IRONTON, OHIO — Born in 1931, Betty Neumar grew up in an impoverished, rough-and-tumble coal mining community where mere survival could sometimes prove to be a challenge — although not so much so as being married to her.
Neumar, who worked as a beautician and a bus driver, married five different husbands in five different states over the course of her lifetime. She also buried every one of them.
Violence, mystery, and “coincidences” surrounded the demises of Neumar’s first four spouses, as well as the 1985 passing of her 23-year-old son Gary Flynn, whose fatal shooting was ruled to be a suicide — and who named his mom the beneficiary of a $10,000 insurance policy.
Regardless, it took authorities decades to connect the dots between Betty Neumar and the slew of male corpses piled up in her wake.
Consider the lineup that succumbed, in one way or another, to Neumar’s apparently lethal charms.
• Clarence Malone: Neumar married Malone, her first husband, in 1950. They divorced in ’52. Malone remarried twice after that and, in 1970, a still officially unknown gunman in Medina, Ohio, blew off his head.
• James Flynn: In 1955, not long after he wed Neumar, Flynn died “on a New York pier.” Details beyond that are close to nonexistent. The union produced a daughter named Peggy.
• Richard Sills: A decade after losing Flynn, Neumar traded vows with Sills. In 1967, he allegedly took a shotgun to himself in the couple’s Florida home. Neumar happened to be in the room at the time. They had been “arguing.”
• Harold Gentry: The following year, Neumar got hitched to Gentry. They had a daughter, Kelly. In 1986, somebody pumped at least one .22-caliber bullet through his heart.
• John Neumar: Georgia resident John Neumar gave Betty her final last name in 1991. They remained together for 16 years until he succumbed to sepsis at 79. Doctors looked for traces of arsenic, but couldn’t precisely pin his passing on poison.
Throughout all this fatality, mayhem, and simple moving on, Betty Neumar somehow skated by without so much as a serious investigation, let alone getting arrested. That would change — in time.
Only in 2007, after 21 years of active campaigning by Al Gentry, the brother of Betty’s fourth husband Harold, did police reopen one of the cases.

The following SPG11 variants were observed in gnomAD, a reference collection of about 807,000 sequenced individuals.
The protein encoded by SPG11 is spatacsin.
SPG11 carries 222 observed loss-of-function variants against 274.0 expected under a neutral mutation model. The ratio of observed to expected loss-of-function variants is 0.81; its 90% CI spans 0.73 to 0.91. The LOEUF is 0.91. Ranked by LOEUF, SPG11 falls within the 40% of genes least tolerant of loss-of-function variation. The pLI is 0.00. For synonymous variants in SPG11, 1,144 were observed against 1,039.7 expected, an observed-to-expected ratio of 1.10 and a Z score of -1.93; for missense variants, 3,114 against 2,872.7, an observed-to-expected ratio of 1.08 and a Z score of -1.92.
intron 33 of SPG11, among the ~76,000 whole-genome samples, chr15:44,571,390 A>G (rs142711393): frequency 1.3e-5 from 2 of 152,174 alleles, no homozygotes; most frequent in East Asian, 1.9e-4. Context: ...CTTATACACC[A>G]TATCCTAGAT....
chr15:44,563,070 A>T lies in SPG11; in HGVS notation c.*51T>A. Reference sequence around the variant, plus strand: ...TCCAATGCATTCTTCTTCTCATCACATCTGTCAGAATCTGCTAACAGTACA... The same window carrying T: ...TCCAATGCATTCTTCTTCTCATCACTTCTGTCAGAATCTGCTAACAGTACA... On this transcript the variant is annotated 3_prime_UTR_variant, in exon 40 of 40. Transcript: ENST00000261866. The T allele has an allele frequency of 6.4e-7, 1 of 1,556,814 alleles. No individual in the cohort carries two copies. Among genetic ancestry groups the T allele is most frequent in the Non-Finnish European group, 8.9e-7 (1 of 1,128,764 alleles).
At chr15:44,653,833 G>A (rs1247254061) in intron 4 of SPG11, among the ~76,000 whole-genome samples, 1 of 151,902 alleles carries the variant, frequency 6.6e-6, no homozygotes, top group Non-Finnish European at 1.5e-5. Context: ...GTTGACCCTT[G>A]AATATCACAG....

Al Gentry said he immediately suspected Neumar on the night of Harold’s death. She stunned him with an utter lack of emotion upon driving up to find her home awash with squad car lights and emergency responders rushing around.
The first words out of Neumar’s mouth, according to witnesses, consisted of a loud alibi. Neumar blurted that she’d been out of town the previous night and all that day. Al Gentry said:
“If she had gotten out of that car with tears in her eyes and asked me why would anybody kill Harold, I would never have suspected her at all. That’s where she slipped up.”
After questions of foul play surrounded the death of Neumar’s fifth husband in Georgia, North Carolina authorities agreed to take a look back at the Harold Gentry shooting. They had plenty to see.
Neumar, who at that point had become a grandmother, turned out to be in possession of numerous driver’s licenses, passports, credit cards, and hidden bank accounts. She was also hundreds of thousands of dollars in debt.
Nontheless, detectives put together that Neumar had come up with sufficient cash to hire a hitman to take out Gentry.
Police arrested Neumar in 2008 and extradited her to North Carolina. Three other states reopened their investigations into the deaths of her former spouses. Answers seemed, at last, to be forthcoming regarding all those bodies.
Alas, while awaiting trial in 2011, Betty Neumar died from cancer-related complications. She was 79 and known in the press as the “Black Widow Granny.” Those who Neumar left behind — the ones who remained alive, at least — can only speculate as to what secrets she took to her grave.
Watch the season premiere of Deadly Women on Investigation Discovery, Friday, September 1 at 10/9c!
Main photo: Betty Neumar [Augusta Police Department]